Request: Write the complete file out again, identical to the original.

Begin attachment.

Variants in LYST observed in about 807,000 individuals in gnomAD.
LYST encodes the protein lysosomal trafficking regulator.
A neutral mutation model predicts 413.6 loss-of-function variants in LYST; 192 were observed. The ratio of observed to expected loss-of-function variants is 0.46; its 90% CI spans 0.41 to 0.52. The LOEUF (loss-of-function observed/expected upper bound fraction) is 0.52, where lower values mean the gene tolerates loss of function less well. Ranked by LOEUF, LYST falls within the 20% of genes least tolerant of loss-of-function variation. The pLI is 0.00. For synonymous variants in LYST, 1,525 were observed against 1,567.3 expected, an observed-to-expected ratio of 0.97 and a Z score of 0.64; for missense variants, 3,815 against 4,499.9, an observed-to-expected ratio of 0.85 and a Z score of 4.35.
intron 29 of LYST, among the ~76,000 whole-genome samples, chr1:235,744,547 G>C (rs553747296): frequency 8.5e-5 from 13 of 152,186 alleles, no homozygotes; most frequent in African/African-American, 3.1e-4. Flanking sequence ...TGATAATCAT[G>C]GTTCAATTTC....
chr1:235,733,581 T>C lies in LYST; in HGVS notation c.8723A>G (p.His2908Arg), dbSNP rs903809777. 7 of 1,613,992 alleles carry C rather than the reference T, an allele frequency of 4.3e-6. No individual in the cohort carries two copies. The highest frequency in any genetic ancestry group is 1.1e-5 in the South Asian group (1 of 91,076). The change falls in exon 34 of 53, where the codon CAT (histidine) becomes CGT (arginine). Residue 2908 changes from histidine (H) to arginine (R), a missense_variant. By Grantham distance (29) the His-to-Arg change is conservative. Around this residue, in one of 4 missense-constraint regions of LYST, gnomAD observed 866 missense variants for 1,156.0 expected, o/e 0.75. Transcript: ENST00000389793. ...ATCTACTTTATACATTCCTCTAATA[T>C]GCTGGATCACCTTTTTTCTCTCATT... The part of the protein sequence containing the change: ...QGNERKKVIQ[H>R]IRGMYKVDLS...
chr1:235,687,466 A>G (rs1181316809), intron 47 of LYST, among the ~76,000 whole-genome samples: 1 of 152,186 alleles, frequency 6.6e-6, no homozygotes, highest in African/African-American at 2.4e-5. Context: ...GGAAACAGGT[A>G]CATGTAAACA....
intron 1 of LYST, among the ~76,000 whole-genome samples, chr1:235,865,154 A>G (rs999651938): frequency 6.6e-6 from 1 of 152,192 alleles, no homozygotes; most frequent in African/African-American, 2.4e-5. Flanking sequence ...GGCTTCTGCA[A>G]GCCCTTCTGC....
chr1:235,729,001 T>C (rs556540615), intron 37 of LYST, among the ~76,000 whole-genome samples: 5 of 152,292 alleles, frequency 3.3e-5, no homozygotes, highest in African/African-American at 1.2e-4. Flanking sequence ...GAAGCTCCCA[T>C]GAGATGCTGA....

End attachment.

Variants in LYST observed in about 807,000 individuals in gnomAD.
LYST encodes the protein lysosomal trafficking regulator.
A neutral mutation model predicts 413.6 loss-of-function variants in LYST; 192 were observed. The ratio of observed to expected loss-of-function variants is 0.46; its 90% CI spans 0.41 to 0.52. The LOEUF (loss-of-function observed/expected upper bound fraction) is 0.52, where lower values mean the gene tolerates loss of function less well. Ranked by LOEUF, LYST falls within the 20% of genes least tolerant of loss-of-function variation. The pLI is 0.00. For synonymous variants in LYST, 1,525 were observed against 1,567.3 expected, an observed-to-expected ratio of 0.97 and a Z score of 0.64; for missense variants, 3,815 against 4,499.9, an observed-to-expected ratio of 0.85 and a Z score of 4.35.
intron 29 of LYST, among the ~76,000 whole-genome samples, chr1:235,744,547 G>C (rs553747296): frequency 8.5e-5 from 13 of 152,186 alleles, no homozygotes; most frequent in African/African-American, 3.1e-4. Flanking sequence ...TGATAATCAT[G>C]GTTCAATTTC....
chr1:235,733,581 T>C lies in LYST; in HGVS notation c.8723A>G (p.His2908Arg), dbSNP rs903809777. 7 of 1,613,992 alleles carry C rather than the reference T, an allele frequency of 4.3e-6. No individual in the cohort carries two copies. The highest frequency in any genetic ancestry group is 1.1e-5 in the South Asian group (1 of 91,076). The change falls in exon 34 of 53, where the codon CAT (histidine) becomes CGT (arginine). Residue 2908 changes from histidine (H) to arginine (R), a missense_variant. By Grantham distance (29) the His-to-Arg change is conservative. Around this residue, in one of 4 missense-constraint regions of LYST, gnomAD observed 866 missense variants for 1,156.0 expected, o/e 0.75. Transcript: ENST00000389793. ...ATCTACTTTATACATTCCTCTAATA[T>C]GCTGGATCACCTTTTTTCTCTCATT... The part of the protein sequence containing the change: ...QGNERKKVIQ[H>R]IRGMYKVDLS...
chr1:235,687,466 A>G (rs1181316809), intron 47 of LYST, among the ~76,000 whole-genome samples: 1 of 152,186 alleles, frequency 6.6e-6, no homozygotes, highest in African/African-American at 2.4e-5. Context: ...GGAAACAGGT[A>G]CATGTAAACA....
intron 1 of LYST, among the ~76,000 whole-genome samples, chr1:235,865,154 A>G (rs999651938): frequency 6.6e-6 from 1 of 152,192 alleles, no homozygotes; most frequent in African/African-American, 2.4e-5. Flanking sequence ...GGCTTCTGCA[A>G]GCCCTTCTGC....
chr1:235,729,001 T>C (rs556540615), intron 37 of LYST, among the ~76,000 whole-genome samples: 5 of 152,292 alleles, frequency 3.3e-5, no homozygotes, highest in African/African-American at 1.2e-4. Flanking sequence ...GAAGCTCCCA[T>C]GAGATGCTGA....